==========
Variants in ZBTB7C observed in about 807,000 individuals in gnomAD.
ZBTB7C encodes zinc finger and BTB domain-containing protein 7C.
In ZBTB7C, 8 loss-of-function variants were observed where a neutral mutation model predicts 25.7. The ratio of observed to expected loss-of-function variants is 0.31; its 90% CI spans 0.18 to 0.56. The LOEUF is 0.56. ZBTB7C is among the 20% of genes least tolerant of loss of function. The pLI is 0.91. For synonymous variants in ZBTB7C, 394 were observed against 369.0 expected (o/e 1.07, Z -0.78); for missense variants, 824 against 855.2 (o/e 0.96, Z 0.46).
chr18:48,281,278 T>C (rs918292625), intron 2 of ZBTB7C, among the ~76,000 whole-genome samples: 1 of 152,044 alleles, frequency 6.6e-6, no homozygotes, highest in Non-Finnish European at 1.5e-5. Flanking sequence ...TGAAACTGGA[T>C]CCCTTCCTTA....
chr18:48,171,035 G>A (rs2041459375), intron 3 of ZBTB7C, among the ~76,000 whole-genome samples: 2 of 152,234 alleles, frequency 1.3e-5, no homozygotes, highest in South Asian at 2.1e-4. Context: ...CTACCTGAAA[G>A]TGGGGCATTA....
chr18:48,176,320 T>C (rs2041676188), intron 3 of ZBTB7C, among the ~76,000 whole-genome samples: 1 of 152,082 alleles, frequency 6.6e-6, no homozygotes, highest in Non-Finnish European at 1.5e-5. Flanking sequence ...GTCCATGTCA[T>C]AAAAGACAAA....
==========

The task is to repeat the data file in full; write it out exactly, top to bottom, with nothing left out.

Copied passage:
Variants in ZBTB7C observed in about 807,000 individuals in gnomAD.
ZBTB7C encodes zinc finger and BTB domain-containing protein 7C.
In ZBTB7C, 8 loss-of-function variants were observed where a neutral mutation model predicts 25.7. The ratio of observed to expected loss-of-function variants is 0.31; its 90% CI spans 0.18 to 0.56. The LOEUF is 0.56. ZBTB7C is among the 20% of genes least tolerant of loss of function. The pLI is 0.91. For synonymous variants in ZBTB7C, 394 were observed against 369.0 expected (o/e 1.07, Z -0.78); for missense variants, 824 against 855.2 (o/e 0.96, Z 0.46).
chr18:48,281,278 T>C (rs918292625), intron 2 of ZBTB7C, among the ~76,000 whole-genome samples: 1 of 152,044 alleles, frequency 6.6e-6, no homozygotes, highest in Non-Finnish European at 1.5e-5. Flanking sequence ...TGAAACTGGA[T>C]CCCTTCCTTA....
chr18:48,171,035 G>A (rs2041459375), intron 3 of ZBTB7C, among the ~76,000 whole-genome samples: 2 of 152,234 alleles, frequency 1.3e-5, no homozygotes, highest in South Asian at 2.1e-4. Context: ...CTACCTGAAA[G>A]TGGGGCATTA....
chr18:48,176,320 T>C (rs2041676188), intron 3 of ZBTB7C, among the ~76,000 whole-genome samples: 1 of 152,082 alleles, frequency 6.6e-6, no homozygotes, highest in Non-Finnish European at 1.5e-5. Flanking sequence ...GTCCATGTCA[T>C]AAAAGACAAA....